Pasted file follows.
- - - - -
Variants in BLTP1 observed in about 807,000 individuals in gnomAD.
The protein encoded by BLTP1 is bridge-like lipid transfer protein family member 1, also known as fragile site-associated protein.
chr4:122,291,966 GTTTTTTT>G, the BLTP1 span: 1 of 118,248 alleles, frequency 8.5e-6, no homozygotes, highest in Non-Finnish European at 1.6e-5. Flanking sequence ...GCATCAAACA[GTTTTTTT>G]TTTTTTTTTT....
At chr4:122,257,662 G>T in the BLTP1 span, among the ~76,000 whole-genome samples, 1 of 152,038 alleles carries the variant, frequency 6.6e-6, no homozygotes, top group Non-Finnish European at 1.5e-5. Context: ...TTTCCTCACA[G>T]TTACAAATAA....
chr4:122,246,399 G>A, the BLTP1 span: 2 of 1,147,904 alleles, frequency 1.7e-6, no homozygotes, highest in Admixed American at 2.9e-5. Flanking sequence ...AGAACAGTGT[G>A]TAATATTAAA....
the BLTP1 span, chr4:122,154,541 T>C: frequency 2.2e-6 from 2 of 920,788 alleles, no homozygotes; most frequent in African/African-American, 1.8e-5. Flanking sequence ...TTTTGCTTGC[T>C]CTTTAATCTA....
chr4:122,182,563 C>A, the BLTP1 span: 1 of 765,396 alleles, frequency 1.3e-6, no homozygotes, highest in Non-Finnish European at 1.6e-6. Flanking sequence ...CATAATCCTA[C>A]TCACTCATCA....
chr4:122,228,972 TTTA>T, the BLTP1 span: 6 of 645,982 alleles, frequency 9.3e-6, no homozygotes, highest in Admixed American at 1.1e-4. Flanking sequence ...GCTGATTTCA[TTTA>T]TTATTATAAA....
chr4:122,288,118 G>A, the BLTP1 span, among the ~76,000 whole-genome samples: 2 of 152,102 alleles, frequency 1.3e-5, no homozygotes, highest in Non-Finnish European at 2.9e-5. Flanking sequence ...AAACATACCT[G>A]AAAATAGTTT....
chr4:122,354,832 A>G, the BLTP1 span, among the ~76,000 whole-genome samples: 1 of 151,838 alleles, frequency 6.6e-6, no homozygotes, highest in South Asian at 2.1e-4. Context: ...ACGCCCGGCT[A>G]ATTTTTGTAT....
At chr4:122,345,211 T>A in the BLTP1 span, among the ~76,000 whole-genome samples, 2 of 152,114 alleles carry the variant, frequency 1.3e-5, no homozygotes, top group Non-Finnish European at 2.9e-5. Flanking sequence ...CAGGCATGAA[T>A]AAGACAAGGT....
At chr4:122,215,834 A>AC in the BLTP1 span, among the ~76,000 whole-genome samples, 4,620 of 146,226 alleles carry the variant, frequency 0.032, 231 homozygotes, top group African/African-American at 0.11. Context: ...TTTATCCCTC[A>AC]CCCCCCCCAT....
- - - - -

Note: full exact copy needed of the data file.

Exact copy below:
Variants in BLTP1 observed in about 807,000 individuals in gnomAD.
The protein encoded by BLTP1 is bridge-like lipid transfer protein family member 1, also known as fragile site-associated protein.
chr4:122,291,966 GTTTTTTT>G, the BLTP1 span: 1 of 118,248 alleles, frequency 8.5e-6, no homozygotes, highest in Non-Finnish European at 1.6e-5. Flanking sequence ...GCATCAAACA[GTTTTTTT>G]TTTTTTTTTT....
At chr4:122,257,662 G>T in the BLTP1 span, among the ~76,000 whole-genome samples, 1 of 152,038 alleles carries the variant, frequency 6.6e-6, no homozygotes, top group Non-Finnish European at 1.5e-5. Context: ...TTTCCTCACA[G>T]TTACAAATAA....
chr4:122,246,399 G>A, the BLTP1 span: 2 of 1,147,904 alleles, frequency 1.7e-6, no homozygotes, highest in Admixed American at 2.9e-5. Flanking sequence ...AGAACAGTGT[G>A]TAATATTAAA....
the BLTP1 span, chr4:122,154,541 T>C: frequency 2.2e-6 from 2 of 920,788 alleles, no homozygotes; most frequent in African/African-American, 1.8e-5. Flanking sequence ...TTTTGCTTGC[T>C]CTTTAATCTA....
chr4:122,182,563 C>A, the BLTP1 span: 1 of 765,396 alleles, frequency 1.3e-6, no homozygotes, highest in Non-Finnish European at 1.6e-6. Flanking sequence ...CATAATCCTA[C>A]TCACTCATCA....
chr4:122,228,972 TTTA>T, the BLTP1 span: 6 of 645,982 alleles, frequency 9.3e-6, no homozygotes, highest in Admixed American at 1.1e-4. Flanking sequence ...GCTGATTTCA[TTTA>T]TTATTATAAA....
chr4:122,288,118 G>A, the BLTP1 span, among the ~76,000 whole-genome samples: 2 of 152,102 alleles, frequency 1.3e-5, no homozygotes, highest in Non-Finnish European at 2.9e-5. Flanking sequence ...AAACATACCT[G>A]AAAATAGTTT....
chr4:122,354,832 A>G, the BLTP1 span, among the ~76,000 whole-genome samples: 1 of 151,838 alleles, frequency 6.6e-6, no homozygotes, highest in South Asian at 2.1e-4. Context: ...ACGCCCGGCT[A>G]ATTTTTGTAT....
At chr4:122,345,211 T>A in the BLTP1 span, among the ~76,000 whole-genome samples, 2 of 152,114 alleles carry the variant, frequency 1.3e-5, no homozygotes, top group Non-Finnish European at 2.9e-5. Flanking sequence ...CAGGCATGAA[T>A]AAGACAAGGT....
At chr4:122,215,834 A>AC in the BLTP1 span, among the ~76,000 whole-genome samples, 4,620 of 146,226 alleles carry the variant, frequency 0.032, 231 homozygotes, top group African/African-American at 0.11. Context: ...TTTATCCCTC[A>AC]CCCCCCCCAT....